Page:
A new initiative looks to Lawrence Township teachers to improve teacher retention

February 26, 2024 | From IndyStar https://www.indystar.com/story/news/education/2024/02/26/lawrence-township-teachers-pilot-initiative-to-improve-teacher-retention/72704477007/


A new initiative aims to find ways to attract and retain teachers in Indianapolis, asking educators to help develop solutions to turnover in the classroom.

Indianapolis-based nonprofit Teach Indy is teaming up with a cohort of about 25 teachers and school administrators from Lawrence Township schools to create pilot programs in their schools to address teacher retention and satisfaction.

Teachers’ input is often left out of the conversation when such policies or programs are created, said Sara Marshall, Teach Indy executive director.

“We heard loud and clear from them that there lots of reasons why folks are either not entering the profession or are leaving the profession but very few people are going straight to them to ask them what those reasons are,” Marshall told IndyStar.

Called Reimagining the Teacher Role Cohort, the initiative is already underway with teams of teachers from Lawrence Central High School, Lawrence North High School, Belzer Middle School, and Fall Creek Valley Middle School.

Over the next year, the cohort will work with Teach Indy on identifying the main issues impacting teacher retention and brainstorming solutions. Teach Indy experts in design-thinking, or tackling problems with human needs at the center, will work with the cohort.

Their proposals will be piloted at each school next fall with the goal of moving district-wide in the second semester.

Tentative ideas that have been tried in other districts include a four-day work week for teachers and leveraging community partnerships to free up teachers on certain days of the week, Marshall said.

Teach Indy chose Lawrence Township for this first cohort because the district was working on a similar idea and had a high teacher retention rate.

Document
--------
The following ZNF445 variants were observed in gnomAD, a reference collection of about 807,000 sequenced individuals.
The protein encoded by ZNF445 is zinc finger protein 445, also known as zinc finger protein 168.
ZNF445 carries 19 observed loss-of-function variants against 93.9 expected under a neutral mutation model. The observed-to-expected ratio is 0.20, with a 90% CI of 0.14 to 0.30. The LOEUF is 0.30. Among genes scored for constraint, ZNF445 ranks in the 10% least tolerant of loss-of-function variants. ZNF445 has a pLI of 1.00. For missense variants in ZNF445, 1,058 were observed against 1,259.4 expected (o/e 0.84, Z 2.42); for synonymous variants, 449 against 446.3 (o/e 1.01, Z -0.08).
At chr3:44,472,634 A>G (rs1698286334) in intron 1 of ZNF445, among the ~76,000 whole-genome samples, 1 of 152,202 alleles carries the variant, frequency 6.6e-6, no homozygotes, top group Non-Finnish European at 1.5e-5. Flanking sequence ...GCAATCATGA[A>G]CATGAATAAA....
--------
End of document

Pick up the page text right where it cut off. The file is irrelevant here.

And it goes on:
Overall, Marion County had a teacher retention rate of 68.5% last year while Lawrence Township had an overall rate of 76.4%, according to state data analyzed by the Richard M. Fairbanks community data snapshot.

School districts are already trying out a lot of different ways to retain teachers, said Andy Harsha, director of secondary education at Lawrence Township.

“But this is going to push our teachers to think outside of some of those traditional responses, and to really think outside of the box and be innovative,” Harsha told IndyStar.

Most of the work for this initiative will take place during regular working hours. Any additional time will receive additional pay.

Cohort members are currently conducting interviews with teachers from different fields and backgrounds as their first phase of the project.

“We’re making sure we get educators of different races from different places,” said Rachel Anderson, a cohort member and Lawrence Central High School math teacher. “And kind of just hearing from them like, what makes them tired. What gives them energy, what are they doing?”

The goal is to eventually have cohorts across Marion County public schools so that teachers can start building off each other’s ideas, Marshall said.

“The goal is to not to keep this to ourselves, but instead to really figure out how do you test what works? How do you gather the data to verify that it’s working? And then how do you share it so that we become a hub of innovation across Marion County,” Marshall said.

Contact IndyStar reporter Caroline Beck at 317-618-5807 or CBeck@gannett.com. Follow her on Twitter: @CarolineB_Indy. Caroline’s reporting is made possible by Report for America and the John S. and James L. Knight Foundation